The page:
Fred Prehn of Wausau, Wis., is shown on Aug. 10, 2022 during a meeting of the Natural Resources Board, which sets policy for the Wisconsin Department of Natural Resources. Prehn, appointed by former Republican Gov. Scott Walker, said Friday, Dec. 23, 2022, that he was resigning after previously refusing to step down in the two years after his term expired. He informed Gov. Tony Evers of his intent to resign in a letter obtained by The Associated Press. Prehn said his resignation will take effect Dec. 30. (Screenshot of Wisconsin Department of Natural Resources Zoom video)
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A member of the Wisconsin Department of Natural Resource’s policy board appointed by former Republican Gov. Scott Walker who refused to step down even after his term ended nearly two years ago said Friday that he was resigning.

Fred Prehn, who won a lawsuit seeking to oust him from the Natural Resources Board after his term ended in May 2021, informed Gov. Tony Evers of his intent to resign in a letter obtained by The Associated Press. Prehn said his resignation will take effect Dec. 30.

“It is time for the state legislators to act on Governor Evers nomination as soon as practical and it is now time for me to move on,” Prehn wrote.

Evers’ spokesperson Britt Cudaback had no immediate comment on the resignation.

Prehn, a Wausau dentist, was appointed by Walker in 2015. He refused to step down after his term ended, denying Evers’ appointee Sandra Naas a seat and maintaining a 4-3 majority for Republican appointees.

Prehn, after his term ended, cast the deciding vote to increase the quota for the state’s wolf hunt and to scrap limits of so-called forever chemicals in groundwater. Earlier this month, Prehn was part of a unanimous vote to restart the process of setting PFAS limits, a process that will take years to complete.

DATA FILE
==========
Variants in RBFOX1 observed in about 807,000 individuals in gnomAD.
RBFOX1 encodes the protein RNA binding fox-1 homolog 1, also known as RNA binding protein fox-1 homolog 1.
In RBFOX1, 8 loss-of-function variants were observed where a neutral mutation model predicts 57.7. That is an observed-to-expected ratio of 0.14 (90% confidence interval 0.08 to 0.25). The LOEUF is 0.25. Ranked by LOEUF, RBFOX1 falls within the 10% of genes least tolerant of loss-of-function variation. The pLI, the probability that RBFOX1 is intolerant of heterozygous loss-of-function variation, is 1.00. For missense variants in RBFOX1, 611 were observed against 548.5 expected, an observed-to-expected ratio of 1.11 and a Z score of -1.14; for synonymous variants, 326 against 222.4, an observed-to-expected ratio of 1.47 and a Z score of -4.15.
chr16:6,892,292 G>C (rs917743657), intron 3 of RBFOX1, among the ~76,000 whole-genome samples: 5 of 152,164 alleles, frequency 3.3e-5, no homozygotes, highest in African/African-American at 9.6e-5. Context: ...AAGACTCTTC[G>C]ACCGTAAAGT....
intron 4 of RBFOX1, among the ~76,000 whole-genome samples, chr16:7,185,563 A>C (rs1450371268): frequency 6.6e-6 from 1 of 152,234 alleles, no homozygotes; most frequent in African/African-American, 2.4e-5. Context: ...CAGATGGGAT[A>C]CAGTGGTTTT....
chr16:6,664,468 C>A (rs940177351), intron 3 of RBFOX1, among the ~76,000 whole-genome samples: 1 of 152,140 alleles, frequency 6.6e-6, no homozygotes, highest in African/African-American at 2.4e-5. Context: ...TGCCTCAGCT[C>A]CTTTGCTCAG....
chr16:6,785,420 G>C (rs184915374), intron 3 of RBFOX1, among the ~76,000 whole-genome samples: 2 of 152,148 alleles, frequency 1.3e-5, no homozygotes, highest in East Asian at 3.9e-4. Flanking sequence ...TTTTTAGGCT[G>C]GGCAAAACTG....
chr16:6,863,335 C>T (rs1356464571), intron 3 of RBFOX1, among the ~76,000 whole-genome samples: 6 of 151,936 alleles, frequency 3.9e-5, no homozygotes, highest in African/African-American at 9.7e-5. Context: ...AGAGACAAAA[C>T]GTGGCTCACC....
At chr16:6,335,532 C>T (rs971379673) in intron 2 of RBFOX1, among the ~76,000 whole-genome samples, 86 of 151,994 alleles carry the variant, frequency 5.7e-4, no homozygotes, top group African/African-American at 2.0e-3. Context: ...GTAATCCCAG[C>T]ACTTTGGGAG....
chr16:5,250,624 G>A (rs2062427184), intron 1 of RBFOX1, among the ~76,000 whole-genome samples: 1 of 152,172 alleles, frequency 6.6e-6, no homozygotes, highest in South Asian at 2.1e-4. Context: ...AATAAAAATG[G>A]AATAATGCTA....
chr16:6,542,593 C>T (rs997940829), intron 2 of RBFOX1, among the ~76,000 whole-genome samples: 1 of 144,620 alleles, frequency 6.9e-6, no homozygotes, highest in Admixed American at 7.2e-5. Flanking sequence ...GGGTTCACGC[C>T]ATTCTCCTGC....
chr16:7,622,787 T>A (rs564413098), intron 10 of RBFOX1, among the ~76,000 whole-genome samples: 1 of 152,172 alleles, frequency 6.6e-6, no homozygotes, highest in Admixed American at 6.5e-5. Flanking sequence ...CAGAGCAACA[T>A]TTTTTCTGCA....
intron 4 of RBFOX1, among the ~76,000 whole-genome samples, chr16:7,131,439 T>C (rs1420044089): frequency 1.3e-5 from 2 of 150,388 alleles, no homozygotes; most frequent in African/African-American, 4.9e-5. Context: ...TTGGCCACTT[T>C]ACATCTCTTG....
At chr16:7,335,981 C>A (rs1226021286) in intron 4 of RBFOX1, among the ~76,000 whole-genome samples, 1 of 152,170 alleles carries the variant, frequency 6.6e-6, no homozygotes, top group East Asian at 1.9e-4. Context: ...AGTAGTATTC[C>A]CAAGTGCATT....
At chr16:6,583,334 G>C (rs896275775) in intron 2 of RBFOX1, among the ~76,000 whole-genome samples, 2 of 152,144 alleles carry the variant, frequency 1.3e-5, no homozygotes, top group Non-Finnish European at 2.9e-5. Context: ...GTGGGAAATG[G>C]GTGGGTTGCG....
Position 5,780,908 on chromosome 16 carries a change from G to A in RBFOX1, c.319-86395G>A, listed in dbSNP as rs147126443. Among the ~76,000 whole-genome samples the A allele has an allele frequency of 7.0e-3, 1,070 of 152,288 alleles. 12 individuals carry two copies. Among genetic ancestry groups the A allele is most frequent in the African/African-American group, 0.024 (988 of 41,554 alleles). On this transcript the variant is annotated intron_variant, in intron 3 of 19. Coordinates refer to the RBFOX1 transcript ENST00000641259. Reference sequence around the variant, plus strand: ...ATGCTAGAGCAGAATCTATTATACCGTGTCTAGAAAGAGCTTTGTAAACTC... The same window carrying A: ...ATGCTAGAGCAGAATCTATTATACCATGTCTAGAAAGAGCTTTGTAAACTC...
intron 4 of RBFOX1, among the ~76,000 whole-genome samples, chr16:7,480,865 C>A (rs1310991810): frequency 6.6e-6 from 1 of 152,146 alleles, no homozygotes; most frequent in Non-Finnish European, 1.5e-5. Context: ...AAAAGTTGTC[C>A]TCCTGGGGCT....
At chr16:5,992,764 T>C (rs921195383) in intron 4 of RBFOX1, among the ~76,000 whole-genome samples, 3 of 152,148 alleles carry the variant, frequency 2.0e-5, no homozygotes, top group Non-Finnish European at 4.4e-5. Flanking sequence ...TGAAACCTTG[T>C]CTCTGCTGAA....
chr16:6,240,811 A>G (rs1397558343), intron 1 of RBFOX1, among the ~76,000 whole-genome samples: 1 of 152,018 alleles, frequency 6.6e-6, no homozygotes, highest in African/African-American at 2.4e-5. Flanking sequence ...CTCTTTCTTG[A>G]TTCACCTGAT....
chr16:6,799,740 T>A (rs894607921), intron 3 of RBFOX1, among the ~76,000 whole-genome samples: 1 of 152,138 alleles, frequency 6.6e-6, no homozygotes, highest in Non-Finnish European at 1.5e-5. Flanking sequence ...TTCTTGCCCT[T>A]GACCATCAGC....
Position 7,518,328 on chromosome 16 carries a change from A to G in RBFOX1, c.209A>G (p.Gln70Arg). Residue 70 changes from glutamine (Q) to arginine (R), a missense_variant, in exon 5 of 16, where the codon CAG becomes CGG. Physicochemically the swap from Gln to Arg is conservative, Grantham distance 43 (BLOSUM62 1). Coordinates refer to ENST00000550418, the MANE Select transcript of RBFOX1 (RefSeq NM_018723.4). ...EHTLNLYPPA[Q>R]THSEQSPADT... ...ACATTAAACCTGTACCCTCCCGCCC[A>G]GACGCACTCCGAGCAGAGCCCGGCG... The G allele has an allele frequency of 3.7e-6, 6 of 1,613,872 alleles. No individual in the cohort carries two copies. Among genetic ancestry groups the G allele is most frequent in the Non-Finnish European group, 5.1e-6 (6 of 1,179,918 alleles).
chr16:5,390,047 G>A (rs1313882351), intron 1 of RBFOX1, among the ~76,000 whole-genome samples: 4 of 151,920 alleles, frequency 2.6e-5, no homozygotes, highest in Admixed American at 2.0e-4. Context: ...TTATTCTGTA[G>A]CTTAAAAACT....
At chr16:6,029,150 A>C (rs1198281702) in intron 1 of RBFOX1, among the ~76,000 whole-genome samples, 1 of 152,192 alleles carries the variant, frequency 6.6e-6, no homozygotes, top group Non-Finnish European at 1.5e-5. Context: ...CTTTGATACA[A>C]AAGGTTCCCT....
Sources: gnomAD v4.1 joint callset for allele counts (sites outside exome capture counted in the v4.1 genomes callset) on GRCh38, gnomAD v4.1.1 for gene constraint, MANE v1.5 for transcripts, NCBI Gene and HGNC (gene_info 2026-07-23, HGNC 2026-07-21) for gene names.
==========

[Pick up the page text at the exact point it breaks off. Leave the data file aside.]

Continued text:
The Republican-controlled Senate refused to confirm Naas and Prehn argued he didn’t have to leave his seat until his replacement was confirmed. Democratic Attorney General Josh Kaul sued seeking to force Prehn off the board, but the conservative-controlled Supreme Court ruled in June that political appointees don’t have to leave their posts until the Senate confirms their successor.

“I have always said I will vacate my seat when the Senate confirms my replacement or when I choose to do so,” Prehn said in his resignation letter. “Unfortunately, it took the Supreme Court to confirm my decision to stay on at great expense for the taxpayer and an immense personal price.”

Prehn’s replacement is one of dozens of Evers appointees the Senate refused to confirm. But after Evers won reelection in November, Republican Senate Majority Leader Devin LeMahieu said he expected the Evers picks to receive up or down votes next year.

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Scott Bauer / Associated PressCorrespondent at Associated Press

Scott Bauer is the head of the AP bureau in Madison, covering state government and politics.